Our crib looks lovely in The Square.
A Story of a Christmas Card in the digital age
This card made my day.
Here is the back story.
The card was sent to me by a lovely lady called Nancy Kelly. Nancy grew up in O’Connell’s Avenue but she has lived in London for many years now. She loves to keep in touch with home through Listowel Connection. She enjoys the photographs and the stories and even though her eyesight is poor now, she made the effort to write me a card to say thanks.
Now here is the extraordinary part. Nancy is my digital friend. We have never met and have never corresponded except on Facebook. So Nancy did not know my address. This is what she did.
Wasn’t that so thoughtful of her?
Betty passed the card to me but she wasn’t too good at explaining to me who this lovely lady was. On the day I collected the card from Betty, I met my good friend, Dolores O’Connor, in The Flying Saucer.
I showed Dolores my lovely card, told her the story and I asked her if she knew Nancy.
I think what happened next is called synchronicity.
Would you believe this; Dolores now lives in the house where Nancy once lived.
Since getting the card, I have mentioned Nancy to several Listowel friends. Nancy’s family, the Murphys is remembered well by Listowel people.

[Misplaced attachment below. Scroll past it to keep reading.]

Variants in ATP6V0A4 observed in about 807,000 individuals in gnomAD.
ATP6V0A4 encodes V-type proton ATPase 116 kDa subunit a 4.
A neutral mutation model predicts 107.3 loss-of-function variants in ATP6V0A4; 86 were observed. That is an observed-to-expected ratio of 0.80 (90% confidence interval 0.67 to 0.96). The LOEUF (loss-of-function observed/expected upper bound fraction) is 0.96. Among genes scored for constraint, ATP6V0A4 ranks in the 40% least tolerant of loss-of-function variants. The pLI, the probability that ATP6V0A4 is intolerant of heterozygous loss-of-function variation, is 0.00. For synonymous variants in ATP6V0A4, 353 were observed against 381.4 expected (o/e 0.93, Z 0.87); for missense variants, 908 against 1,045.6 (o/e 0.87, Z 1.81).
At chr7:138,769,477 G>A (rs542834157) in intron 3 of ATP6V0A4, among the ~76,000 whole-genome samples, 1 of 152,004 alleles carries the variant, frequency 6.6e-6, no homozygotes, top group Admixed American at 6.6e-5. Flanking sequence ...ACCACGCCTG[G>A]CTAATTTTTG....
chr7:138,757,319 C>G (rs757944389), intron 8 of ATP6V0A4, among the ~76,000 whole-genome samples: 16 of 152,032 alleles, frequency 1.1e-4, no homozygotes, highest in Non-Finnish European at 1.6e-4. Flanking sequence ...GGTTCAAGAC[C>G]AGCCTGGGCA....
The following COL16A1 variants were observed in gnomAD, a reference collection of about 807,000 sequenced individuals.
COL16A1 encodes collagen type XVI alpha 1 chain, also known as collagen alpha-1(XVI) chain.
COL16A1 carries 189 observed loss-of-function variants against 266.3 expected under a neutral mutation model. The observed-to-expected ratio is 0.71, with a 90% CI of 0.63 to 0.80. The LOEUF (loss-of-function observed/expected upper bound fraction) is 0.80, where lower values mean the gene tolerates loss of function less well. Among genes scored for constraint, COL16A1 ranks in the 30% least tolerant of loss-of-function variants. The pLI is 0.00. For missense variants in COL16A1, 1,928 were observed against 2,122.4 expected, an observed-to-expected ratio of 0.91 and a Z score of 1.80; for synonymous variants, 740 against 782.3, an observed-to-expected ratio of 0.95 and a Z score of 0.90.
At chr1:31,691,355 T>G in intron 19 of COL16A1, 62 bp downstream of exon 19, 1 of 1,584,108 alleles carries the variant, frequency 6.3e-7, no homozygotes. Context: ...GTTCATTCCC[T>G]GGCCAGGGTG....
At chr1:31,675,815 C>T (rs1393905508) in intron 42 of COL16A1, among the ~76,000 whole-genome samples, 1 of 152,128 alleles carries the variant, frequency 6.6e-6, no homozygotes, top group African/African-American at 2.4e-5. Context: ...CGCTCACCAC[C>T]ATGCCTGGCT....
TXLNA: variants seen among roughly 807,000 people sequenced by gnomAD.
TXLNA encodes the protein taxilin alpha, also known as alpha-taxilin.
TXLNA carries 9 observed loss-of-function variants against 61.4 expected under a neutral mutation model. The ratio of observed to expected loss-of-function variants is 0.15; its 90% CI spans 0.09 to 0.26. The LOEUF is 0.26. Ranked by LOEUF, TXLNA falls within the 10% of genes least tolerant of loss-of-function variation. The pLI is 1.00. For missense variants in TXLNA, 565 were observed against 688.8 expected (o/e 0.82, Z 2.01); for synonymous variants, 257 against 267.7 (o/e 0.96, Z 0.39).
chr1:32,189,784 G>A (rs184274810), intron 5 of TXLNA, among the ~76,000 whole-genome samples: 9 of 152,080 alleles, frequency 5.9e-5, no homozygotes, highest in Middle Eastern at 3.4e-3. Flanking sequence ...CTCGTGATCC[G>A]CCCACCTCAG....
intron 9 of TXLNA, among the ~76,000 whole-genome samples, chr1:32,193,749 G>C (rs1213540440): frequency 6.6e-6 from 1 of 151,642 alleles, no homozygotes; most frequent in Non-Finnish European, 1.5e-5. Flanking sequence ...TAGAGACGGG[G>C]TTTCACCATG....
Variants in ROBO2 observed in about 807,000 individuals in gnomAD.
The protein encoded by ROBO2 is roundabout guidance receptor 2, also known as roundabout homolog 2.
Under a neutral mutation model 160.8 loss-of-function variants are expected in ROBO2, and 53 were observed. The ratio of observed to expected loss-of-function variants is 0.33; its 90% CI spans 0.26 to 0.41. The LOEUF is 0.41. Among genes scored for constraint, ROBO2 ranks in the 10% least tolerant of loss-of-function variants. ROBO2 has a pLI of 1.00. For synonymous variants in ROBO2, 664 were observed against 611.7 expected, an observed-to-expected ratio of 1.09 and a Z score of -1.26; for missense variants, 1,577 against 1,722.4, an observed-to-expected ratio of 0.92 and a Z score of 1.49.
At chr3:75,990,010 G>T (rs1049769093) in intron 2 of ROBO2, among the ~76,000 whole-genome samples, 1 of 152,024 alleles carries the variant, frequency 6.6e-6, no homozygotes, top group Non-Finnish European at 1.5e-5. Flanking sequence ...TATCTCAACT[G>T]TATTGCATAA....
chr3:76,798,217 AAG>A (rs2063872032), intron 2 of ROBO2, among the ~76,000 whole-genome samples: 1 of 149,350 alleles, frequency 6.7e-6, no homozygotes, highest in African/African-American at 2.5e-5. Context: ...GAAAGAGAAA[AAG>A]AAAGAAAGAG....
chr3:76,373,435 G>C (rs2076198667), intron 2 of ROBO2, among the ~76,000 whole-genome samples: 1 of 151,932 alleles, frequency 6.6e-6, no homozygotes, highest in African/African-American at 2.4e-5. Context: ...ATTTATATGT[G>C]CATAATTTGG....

I met Martin Griffin in Tralee. He is a real life as well as a digital friend of Nancy’s. He too got a Christmas card which set a challenge for the postal service.
Junior remembers Nancy well and he asked me to convey his best wishes to her.
Nancy’s card forged an uplifting warm Listowel connection for us all.
So, in case you were thinking of cutting back on the cards, don’t. A card can mean a lot.
Some of the manyListowel Cards available locally
With the advent of Netflix, Pandora etc. business has dried up for DVD rental shops. Xtra Vision on Market St. is closing down.
One Down, Two to Go
The old schoolhouse in Dromerin has been sold.
The below two are on the market
In Bank of Ireland
The bank ran a Christmas card competition for primary school pupils. The winners are displayed in the bank
New Kid on the Block on Charles Street